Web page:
A Call for Policymakers to Stimulate Advanced Connectivity and Digitalization to Secure Europe’s Competitiveness

Author photo: Chantal Polsonetti
ByChantal Polsonetti
Acquisition or Partnership
Europe’s Digital Competitiveness

Five leading technology companies called for urgent action from policymakers to stimulate Europe’s digital competitiveness and ensure that it remains on the priority list for the incoming European Commission.   Ahead of a meeting between D9+ digital ministers in Dublin, Ericsson, IBM, Intel, Nokia, and Vodafone argued that policymakers should strive to achieve a true Digital Single Market, address the digital connectivity investment gap, and avoid introducing unnecessary regulatory burdens for companies operating in the digital ecosystem.

In the joint statement, the companies highlighted five key policy actions they deem necessary to drive EU competitiveness through technology:

1. Accelerate the Development of a true Digital Single Market

Policymakers must focus on the consistent, coherent implementation of existing regulations on the digital ecosystem, working to leverage the power of a true Digital Single Market. They should avoid introducing new regulatory burdens that make it difficult for telecom companies to speed up network deployments, or for other businesses to adopt digital tools.

2. Incentivize Investment in Advanced Connectivity

Europe needs healthy telecoms operators with the scale to invest in 5G Standalone, fiber, and, in the future, 6G. The regulatory framework for telecoms needs modernizing, including through a fresh approach to merger control and spectrum allocation, involving longer licenses and harmonized rules across Member States. Advanced connectivity solutions, which are needed to optimize the use of energy and natural resources in line with EU sustainability goals, should also become part of the EU’s taxonomy in order to attract green financing to support network deployments.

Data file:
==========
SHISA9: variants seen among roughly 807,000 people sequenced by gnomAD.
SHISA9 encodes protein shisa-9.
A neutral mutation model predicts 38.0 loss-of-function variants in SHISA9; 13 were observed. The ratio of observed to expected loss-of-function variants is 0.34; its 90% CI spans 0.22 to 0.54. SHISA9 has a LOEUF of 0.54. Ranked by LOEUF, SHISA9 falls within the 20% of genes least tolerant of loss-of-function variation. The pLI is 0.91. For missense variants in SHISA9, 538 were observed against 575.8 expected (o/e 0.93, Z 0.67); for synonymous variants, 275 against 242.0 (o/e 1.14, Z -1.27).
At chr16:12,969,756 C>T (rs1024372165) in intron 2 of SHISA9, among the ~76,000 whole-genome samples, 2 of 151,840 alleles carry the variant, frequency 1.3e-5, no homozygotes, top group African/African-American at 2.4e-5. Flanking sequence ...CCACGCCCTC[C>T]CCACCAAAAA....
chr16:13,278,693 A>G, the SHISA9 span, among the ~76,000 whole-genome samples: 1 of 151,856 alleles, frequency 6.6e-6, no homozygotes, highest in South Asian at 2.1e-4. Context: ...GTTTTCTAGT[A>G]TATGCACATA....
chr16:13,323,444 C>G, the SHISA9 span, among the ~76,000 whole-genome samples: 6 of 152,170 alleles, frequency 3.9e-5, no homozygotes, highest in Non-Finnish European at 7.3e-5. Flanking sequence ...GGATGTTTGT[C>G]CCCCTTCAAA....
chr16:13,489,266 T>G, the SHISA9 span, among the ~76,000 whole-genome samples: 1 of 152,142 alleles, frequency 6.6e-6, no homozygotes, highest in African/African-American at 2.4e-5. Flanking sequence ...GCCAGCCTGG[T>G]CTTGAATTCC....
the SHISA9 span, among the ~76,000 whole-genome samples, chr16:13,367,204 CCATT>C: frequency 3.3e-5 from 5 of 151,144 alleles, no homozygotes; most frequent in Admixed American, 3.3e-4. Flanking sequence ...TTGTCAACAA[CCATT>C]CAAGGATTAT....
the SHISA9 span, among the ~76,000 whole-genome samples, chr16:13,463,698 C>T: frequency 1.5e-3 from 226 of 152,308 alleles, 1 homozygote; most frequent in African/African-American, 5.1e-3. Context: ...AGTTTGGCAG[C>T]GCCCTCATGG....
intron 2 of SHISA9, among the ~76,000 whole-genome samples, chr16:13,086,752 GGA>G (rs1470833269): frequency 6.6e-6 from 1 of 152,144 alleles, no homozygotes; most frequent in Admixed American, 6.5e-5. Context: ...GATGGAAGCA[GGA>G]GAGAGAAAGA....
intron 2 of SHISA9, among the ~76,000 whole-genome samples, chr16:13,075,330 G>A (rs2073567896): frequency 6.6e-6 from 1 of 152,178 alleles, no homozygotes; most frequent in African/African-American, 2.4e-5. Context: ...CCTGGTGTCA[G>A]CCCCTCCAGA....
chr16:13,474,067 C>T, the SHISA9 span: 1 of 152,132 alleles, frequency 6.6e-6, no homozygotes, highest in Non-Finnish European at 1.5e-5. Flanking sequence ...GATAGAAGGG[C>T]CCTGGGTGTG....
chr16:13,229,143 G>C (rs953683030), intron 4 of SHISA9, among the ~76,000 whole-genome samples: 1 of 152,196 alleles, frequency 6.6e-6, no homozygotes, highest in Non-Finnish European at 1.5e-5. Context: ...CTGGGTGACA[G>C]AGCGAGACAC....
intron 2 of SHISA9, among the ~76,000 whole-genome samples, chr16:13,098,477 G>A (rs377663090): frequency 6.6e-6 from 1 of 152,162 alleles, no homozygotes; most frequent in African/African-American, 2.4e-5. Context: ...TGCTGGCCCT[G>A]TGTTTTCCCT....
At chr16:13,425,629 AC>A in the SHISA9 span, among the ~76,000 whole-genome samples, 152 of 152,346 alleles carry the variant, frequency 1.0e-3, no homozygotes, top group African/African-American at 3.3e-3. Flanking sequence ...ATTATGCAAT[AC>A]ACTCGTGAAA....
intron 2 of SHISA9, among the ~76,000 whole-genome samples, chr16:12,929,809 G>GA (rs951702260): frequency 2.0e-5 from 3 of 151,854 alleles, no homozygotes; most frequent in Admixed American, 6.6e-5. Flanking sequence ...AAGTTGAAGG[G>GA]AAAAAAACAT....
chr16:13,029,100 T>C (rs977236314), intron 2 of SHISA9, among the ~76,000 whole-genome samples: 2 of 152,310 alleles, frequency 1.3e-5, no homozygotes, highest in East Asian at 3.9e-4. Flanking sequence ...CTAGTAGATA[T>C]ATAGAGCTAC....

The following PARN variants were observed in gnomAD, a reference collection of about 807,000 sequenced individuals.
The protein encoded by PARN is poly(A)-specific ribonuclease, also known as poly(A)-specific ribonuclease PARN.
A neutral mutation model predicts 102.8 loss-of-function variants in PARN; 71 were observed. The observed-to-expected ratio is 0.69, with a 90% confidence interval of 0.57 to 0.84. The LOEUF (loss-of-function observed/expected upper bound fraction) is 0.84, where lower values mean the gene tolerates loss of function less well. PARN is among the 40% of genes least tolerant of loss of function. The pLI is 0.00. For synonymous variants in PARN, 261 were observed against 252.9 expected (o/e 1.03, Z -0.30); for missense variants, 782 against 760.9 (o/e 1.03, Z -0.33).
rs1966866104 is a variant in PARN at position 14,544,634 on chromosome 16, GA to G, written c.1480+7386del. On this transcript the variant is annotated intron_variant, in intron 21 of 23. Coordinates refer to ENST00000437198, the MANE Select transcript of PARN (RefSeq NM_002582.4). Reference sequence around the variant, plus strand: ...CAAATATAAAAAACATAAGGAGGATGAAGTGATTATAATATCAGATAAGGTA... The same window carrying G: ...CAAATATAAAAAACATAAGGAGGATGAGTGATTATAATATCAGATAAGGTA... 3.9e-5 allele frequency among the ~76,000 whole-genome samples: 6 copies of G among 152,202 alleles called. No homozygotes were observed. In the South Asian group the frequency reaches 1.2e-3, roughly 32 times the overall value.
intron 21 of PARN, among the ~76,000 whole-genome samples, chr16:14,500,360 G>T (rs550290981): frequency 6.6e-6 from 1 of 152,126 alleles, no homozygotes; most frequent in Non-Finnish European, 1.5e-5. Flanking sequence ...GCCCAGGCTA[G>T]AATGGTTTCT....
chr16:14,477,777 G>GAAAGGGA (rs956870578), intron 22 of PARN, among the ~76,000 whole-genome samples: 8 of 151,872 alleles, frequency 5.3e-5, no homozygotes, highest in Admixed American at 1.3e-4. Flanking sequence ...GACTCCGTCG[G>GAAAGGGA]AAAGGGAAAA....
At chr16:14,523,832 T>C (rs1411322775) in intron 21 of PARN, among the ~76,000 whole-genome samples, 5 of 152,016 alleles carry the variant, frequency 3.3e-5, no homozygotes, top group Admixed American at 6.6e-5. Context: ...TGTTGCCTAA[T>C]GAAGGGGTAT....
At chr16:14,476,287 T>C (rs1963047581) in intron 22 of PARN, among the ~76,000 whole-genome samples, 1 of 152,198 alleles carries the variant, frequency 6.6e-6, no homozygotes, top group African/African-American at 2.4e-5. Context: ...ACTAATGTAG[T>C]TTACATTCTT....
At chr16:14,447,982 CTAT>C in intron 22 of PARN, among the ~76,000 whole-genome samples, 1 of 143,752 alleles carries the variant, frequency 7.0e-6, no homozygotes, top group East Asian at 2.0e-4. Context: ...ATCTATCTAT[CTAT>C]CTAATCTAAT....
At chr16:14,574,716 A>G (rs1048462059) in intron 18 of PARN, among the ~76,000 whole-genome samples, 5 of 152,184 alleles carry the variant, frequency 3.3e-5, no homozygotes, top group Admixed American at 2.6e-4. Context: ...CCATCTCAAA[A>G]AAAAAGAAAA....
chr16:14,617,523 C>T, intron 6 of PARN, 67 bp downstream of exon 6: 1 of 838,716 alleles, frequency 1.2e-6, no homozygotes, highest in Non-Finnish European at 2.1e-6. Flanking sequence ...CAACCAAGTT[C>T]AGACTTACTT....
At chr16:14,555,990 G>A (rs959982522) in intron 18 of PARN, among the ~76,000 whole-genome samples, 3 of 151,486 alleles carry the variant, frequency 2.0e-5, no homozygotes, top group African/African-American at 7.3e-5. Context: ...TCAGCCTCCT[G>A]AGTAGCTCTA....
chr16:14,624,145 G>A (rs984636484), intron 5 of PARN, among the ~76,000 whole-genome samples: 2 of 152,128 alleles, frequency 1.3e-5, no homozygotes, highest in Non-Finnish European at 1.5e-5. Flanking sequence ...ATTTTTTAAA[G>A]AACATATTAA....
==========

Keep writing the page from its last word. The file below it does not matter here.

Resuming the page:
3. Regulate B2B and Consumer-facing Technologies Differently

European policy objectives should focus on fixing market failures, ensuring a level playing field, and addressing identified risks to society. When considering regulation, policymakers should distinguish between B2B service providers – usually operating under well-functioning contractual agreements, with limited access to client data – and companies with consumer facing products or services.

4. Foster Policies that Make Trusted Companies Thrive in Europe.

The policy environment must encourage trusted companies to thrive in Europe through trade, recruitment, and research. Cooperation between like-minded countries, including transatlantic cooperation, also remains essential to supporting a positive business environment.

5. Ensure Europe is Ready to Reap the Benefits of Quantum and AI

The quantum era will be as transformative as it is disruptive, leading to breakthroughs in strategic industries like healthcare, finance, and logistics. It will also create new challenges for security. Policymakers should prepare for the quantum era by promoting early-stage experimentation in industrial application and deployment, encouraging resilient supply chains, and incentivizing private sector investment in Europe. Policymakers should also focus on preparing critical infrastructure for migration to quantum-safe standards as part of their cybersecurity policy planning – areas that deserve particular and increased R&D support. In that context, European R&D funding mechanisms and processes should be better coordinated and improved.

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